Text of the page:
Here’s my opinion- sports is sports and politics is politics. Part of the reason I watch a football game or a baseball game is because I want to watch a football game or a baseball game. We are living in a time where politics are more divisive than ever before. One reasons sports are as big as they are today is because of the communities they create. Why should we mix something that causes so many problems to interfere with something that is supposed to help solve them?
When I turn on ESPN, I don’t want to listen to people debate over what is considered disrespectful to the National Anthem. And the next time I watch Fox News, I DARN sure don’t want to hear the name Colin Kaepernick.
As many of you reading this probably already know, it’s not uncommon to see a female reporter on your TV screen for sports outlets like ESPN or Fox Sports. Women are branching out into the sports world unlike ever before, with just as much if not more knowledge than their male co-workers.
Unfortunately, despite the strides already made, I believe sexism still exists in the sports world. I think some men find it hard to believe that women are getting into sports because it isn’t “feminine” or a hobby that they should naturally enjoy. These men don’t realize that a woman’s enjoyment of sports often begins with spending time with a loved one. I always like to mention my Papa Skip, and the football knowledge I gained from being around him and spending Saturdays in Athens.
But whatever reason people have for why a woman shouldn’t work in sports, this post is dedicated to those women who haven’t been listening.
I’ve always been a fan of Erin Andrews, mainly because the girl knows her stuff. Although she’s primarily spotted on the sidelines of NFL games, Andrews has covered everything from College GameDay on ESPN to the World Series. Outside of sports she’s had the opportunity to contribute news to Good Morning America and currently co-hosts on Dancing with the Stars. Side note: she also spent some time in nearby Atlanta covering the Braves, Thrashers and Hawks for Turner South. Whenever people think of successful women in the sports arena, Andrews is usually one of the first ones that comes to mind.
Unfortunately her fame from her work as a sportscaster has not made her immune to those who want to tear her down. In 2008 a man filmed her completely nude through a hotel door peep hole and posted the video online. The video went viral, and Andrews sued the man along with the hotel company and several others. Although Andrews eventually won her case, the time period from when the video was filmed until the suit ended lasted eight years. I can only imagine the embarrassment and anxiety that she endured during that time. I admire her strength and perseverance.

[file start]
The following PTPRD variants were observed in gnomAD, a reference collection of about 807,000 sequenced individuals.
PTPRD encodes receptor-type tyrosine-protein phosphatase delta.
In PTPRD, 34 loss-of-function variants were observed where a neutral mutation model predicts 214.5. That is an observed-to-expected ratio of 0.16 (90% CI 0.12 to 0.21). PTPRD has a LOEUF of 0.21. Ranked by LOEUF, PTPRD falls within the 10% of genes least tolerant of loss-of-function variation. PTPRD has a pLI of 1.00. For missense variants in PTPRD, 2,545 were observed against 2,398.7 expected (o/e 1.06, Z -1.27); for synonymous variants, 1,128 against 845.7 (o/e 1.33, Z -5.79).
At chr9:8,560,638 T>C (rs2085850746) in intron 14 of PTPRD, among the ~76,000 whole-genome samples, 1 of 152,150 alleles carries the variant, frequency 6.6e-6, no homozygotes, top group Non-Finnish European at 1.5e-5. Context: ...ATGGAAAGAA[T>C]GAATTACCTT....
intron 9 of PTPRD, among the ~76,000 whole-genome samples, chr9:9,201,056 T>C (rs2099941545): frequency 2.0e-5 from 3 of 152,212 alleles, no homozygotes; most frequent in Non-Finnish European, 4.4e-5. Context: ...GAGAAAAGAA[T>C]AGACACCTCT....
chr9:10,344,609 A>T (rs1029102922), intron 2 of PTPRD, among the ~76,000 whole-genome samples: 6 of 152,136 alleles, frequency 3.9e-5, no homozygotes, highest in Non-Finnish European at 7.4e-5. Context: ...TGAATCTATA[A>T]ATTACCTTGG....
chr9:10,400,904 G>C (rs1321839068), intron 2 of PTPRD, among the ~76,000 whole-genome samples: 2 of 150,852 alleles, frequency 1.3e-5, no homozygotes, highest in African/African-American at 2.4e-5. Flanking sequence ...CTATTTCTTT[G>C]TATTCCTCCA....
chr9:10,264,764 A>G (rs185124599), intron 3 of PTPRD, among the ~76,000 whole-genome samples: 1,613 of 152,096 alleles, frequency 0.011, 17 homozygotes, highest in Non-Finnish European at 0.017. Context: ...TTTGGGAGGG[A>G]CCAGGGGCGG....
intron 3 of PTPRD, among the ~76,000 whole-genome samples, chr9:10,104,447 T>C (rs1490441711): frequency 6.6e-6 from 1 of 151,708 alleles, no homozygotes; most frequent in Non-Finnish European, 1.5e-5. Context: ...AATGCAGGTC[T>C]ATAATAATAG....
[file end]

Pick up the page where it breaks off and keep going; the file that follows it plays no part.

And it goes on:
As a die-hard Braves fan, another reporter I’ve watched a lot of and enjoy seeing is Kelsey Wingert. I love Wingert’s delivery on camera because it comes across as so natural. While she does typically have a notebook on hand, she does not use a teleprompter to read a script. In other words, she also knows her stuff.
I follow Wingert on social media, and another thing I like about her is her constant interaction with fans. There have been numerous times I’ve scrolled through my Twitter feed and seen her respond to a fan asking for a chance to meet her during a game. It’s always met with a yes, as soon as the Braves are finished batting.
I could talk all day about female athletes who have also made waves in sports. On Tuesday, the United States women’s national soccer team defeated Thailand 13-0 in the first game of the world cup. Of course we all know the controversy in recent years about the players receiving less pay than their male counterparts.
A fellow reporter told me a story the other day about a young female athlete he once covered who wanted to play baseball in Louisiana. The locals were not having it, and despite all of her hard work throughout the season, she missed out on being able to play one of the biggest games of that year. However, as is the theme for this entire post, she didn’t let that stop her from continuing to work hard. I haven’t mentioned yet that she was also a phenomenal basketball player, and she is Kim Mulkey, head coach of the Baylor women’s basketball team.
The point I’m trying to make here is that there’s no point in trying to hold women back from sports, when we’ve proved time and time again that we know what we’re doing and we can do it really well. I’m sure if you asked each of these women I’ve mentioned if they agree, they would.
I’m thankful for the people along the way, most of them men, that have helped me to see I can do whatever I set my mind to. I’m afraid that sometimes as a society we still judge people based on how they look before we look to see what they can do. Fortunately for me, I have these women who I have already mentioned, and many more who have blazed the trail for me. I believe it’s partially my job to make sure that path continues to stay lit for those after me.
Recently I’ve started watching the show Friday Night Lights again. Let me just say- this is partially important because I’m not a big TV show person. I don’t have the patience to sit through an hour-long episode nor do I usually have the time to keep up with a series. But I figure with pre-season football kicking in and the fall season quickly approaching, revisiting a show that revolves around high school football is one of the best ways to get me hyped up for what’s to come.
Watching this series has also made me think about a couple of things. For one, why do we as a society rally so much around a sport that’s played by boys no older than 18-years-old? Second, do we put too much pressure on athletes who play the game? And finally, is the hype and the pressure truly worth it?
I think the answer can be summed up pretty easily- yes. And why? For love of the game.
But the love of the game is different for each of us. We’re not all going to attend every single football game or spend thousands of dollars to sit in Sanford every Saturday. We all have our limits, and in my opinion that’s perfectly okay.